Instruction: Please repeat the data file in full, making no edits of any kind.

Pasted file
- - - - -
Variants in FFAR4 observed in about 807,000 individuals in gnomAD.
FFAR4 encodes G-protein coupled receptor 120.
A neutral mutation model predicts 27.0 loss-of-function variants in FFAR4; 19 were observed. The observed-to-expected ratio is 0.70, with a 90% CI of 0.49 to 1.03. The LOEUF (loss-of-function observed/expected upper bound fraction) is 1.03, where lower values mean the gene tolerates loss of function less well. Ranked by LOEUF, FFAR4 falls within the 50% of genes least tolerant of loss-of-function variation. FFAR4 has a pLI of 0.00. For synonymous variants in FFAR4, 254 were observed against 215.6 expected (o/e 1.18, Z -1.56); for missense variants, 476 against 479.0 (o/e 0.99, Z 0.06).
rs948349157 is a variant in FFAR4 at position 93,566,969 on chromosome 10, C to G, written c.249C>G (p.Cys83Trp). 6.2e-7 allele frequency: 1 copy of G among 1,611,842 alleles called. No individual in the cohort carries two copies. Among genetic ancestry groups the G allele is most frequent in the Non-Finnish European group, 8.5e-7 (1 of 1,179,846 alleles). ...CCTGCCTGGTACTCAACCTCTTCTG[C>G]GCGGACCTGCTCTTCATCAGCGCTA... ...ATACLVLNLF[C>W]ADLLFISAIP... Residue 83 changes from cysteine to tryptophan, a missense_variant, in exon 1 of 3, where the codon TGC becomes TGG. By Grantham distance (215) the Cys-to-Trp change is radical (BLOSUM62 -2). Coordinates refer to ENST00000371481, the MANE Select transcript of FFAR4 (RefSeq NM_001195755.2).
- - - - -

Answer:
Variants in FFAR4 observed in about 807,000 individuals in gnomAD.
FFAR4 encodes G-protein coupled receptor 120.
A neutral mutation model predicts 27.0 loss-of-function variants in FFAR4; 19 were observed. The observed-to-expected ratio is 0.70, with a 90% CI of 0.49 to 1.03. The LOEUF (loss-of-function observed/expected upper bound fraction) is 1.03, where lower values mean the gene tolerates loss of function less well. Ranked by LOEUF, FFAR4 falls within the 50% of genes least tolerant of loss-of-function variation. FFAR4 has a pLI of 0.00. For synonymous variants in FFAR4, 254 were observed against 215.6 expected (o/e 1.18, Z -1.56); for missense variants, 476 against 479.0 (o/e 0.99, Z 0.06).
rs948349157 is a variant in FFAR4 at position 93,566,969 on chromosome 10, C to G, written c.249C>G (p.Cys83Trp). 6.2e-7 allele frequency: 1 copy of G among 1,611,842 alleles called. No individual in the cohort carries two copies. Among genetic ancestry groups the G allele is most frequent in the Non-Finnish European group, 8.5e-7 (1 of 1,179,846 alleles). ...CCTGCCTGGTACTCAACCTCTTCTG[C>G]GCGGACCTGCTCTTCATCAGCGCTA... ...ATACLVLNLF[C>W]ADLLFISAIP... Residue 83 changes from cysteine to tryptophan, a missense_variant, in exon 1 of 3, where the codon TGC becomes TGG. By Grantham distance (215) the Cys-to-Trp change is radical (BLOSUM62 -2). Coordinates refer to ENST00000371481, the MANE Select transcript of FFAR4 (RefSeq NM_001195755.2).